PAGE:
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I am reading "Quality" by John Galsworthy and there are some phrases and lines which I could not grasp. I thought that this site would be the perfect place to ask this question.

My Questions:

  1. What does the following mean? I think it means that by looking at those shoes one could understand that the shoes were the epitome of endurance.
  • "…the tall brown riding boots with marvelous sooty glow, as if, though new, they had been worn a hundred years"
  1. What does the next passage mean? I think that the first sentence means that the shoes made by him were affordable so one never fell into debts with them. I am unsure of the second part of the paragraph
  • "When one grew old and wild and ran up bills, one somehow never ran them up with Gessler Brothers. It would not have seemed becoming to go in there and stretch out one’s foot to that blue iron-spectacled glance, owing him for more than — say — two pairs, just the comfortable reassurance that one was still his client.".

You can read the story here: https://ebooks.adelaide.edu.au/g/galsworthy/john/inn/chapter2.html

Thanks for your help.

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  1. New brown boots have an even colour and a dull sheen. Repeated polishing over time gives darker (sooty) areas and more of a shine, as this website demonstrates.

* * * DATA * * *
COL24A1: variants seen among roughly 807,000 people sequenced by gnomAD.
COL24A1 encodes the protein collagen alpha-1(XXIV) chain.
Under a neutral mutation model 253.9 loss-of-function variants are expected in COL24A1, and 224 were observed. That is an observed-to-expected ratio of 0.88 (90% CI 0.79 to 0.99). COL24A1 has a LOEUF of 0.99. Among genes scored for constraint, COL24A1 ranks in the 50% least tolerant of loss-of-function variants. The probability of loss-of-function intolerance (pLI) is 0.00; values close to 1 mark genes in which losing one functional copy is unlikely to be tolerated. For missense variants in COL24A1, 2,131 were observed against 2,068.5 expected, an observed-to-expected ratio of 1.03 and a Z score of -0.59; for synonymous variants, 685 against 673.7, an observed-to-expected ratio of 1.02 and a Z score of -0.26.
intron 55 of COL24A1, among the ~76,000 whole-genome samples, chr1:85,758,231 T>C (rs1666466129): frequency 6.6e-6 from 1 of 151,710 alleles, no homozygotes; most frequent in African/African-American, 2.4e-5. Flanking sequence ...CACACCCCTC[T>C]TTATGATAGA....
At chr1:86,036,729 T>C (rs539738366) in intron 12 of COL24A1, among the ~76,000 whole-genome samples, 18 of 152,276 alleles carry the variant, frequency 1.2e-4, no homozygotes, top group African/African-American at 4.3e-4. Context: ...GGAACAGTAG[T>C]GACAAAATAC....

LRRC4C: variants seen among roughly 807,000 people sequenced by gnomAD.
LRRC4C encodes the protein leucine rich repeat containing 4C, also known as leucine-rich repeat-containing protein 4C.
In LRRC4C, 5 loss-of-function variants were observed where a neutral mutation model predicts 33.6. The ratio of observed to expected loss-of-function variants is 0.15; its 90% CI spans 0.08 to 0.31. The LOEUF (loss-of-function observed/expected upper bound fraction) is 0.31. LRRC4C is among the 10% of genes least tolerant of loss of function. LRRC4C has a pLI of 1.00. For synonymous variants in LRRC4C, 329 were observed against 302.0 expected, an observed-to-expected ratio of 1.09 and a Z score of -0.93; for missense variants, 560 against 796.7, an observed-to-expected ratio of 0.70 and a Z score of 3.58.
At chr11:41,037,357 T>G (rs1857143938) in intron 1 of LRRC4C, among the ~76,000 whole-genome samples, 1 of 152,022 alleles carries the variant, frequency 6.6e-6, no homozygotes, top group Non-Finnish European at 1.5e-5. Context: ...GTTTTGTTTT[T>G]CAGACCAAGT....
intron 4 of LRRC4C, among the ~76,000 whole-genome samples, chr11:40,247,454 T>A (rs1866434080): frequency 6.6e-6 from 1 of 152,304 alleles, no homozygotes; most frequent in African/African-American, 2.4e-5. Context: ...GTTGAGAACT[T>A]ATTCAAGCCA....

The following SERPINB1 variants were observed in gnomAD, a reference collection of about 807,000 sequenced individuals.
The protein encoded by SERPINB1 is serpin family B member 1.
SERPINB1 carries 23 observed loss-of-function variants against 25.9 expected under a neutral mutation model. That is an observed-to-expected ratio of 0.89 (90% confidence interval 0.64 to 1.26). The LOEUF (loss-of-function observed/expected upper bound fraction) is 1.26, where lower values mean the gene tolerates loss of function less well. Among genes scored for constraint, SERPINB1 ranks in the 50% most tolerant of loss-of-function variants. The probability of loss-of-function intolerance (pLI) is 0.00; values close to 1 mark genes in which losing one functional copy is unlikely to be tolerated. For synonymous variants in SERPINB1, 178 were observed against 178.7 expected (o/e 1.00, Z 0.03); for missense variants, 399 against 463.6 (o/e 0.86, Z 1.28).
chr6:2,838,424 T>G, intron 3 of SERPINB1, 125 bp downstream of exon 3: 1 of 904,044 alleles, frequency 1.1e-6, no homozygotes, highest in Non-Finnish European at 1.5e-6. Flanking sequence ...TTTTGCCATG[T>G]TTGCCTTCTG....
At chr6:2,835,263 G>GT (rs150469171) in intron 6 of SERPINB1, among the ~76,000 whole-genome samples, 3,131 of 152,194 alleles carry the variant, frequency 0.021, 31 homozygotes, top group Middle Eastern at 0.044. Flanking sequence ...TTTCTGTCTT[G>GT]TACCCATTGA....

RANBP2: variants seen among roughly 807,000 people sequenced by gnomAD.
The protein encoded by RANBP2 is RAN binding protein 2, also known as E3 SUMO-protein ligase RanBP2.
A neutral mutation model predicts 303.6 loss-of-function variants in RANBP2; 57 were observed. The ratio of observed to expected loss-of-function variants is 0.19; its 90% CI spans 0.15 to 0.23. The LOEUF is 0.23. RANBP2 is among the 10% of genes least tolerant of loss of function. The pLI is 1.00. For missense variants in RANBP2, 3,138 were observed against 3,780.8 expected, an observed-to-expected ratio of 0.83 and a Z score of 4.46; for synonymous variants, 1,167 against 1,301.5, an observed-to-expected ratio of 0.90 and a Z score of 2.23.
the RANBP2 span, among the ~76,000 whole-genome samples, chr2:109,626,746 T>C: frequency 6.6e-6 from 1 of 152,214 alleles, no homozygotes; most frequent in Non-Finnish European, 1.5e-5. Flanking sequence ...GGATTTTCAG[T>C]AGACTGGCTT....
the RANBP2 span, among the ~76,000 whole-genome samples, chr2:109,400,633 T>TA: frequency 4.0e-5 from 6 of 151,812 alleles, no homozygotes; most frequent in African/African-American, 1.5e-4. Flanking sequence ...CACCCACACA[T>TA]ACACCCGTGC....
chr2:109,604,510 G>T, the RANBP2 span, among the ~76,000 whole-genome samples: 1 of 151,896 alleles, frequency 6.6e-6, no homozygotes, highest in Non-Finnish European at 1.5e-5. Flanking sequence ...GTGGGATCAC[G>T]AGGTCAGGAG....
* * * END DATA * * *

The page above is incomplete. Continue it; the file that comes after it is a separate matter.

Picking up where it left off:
2. The first sentence has nothing to do with the affordability of the shoes. The narrator is "a gentleman" who can afford to pay his bills, but has reached an age where he has become careless in doing so. However, he enjoys the service of Gessler Brothers so much that he wouldn't risk being refused service because he had run up too large a debt.

  • What is the significance of "as if, though new, they had been worn a hundred years""? – MrAP May 1 '18 at 15:05
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    I think if you cite this piece from the link the meaning should become clearer The purpose of shoe antiquing (or darkening certain areas of the leather) is to allow a newer shoe to have the character of an older shoe without the wear. – Mari-Lou A May 1 '18 at 15:21

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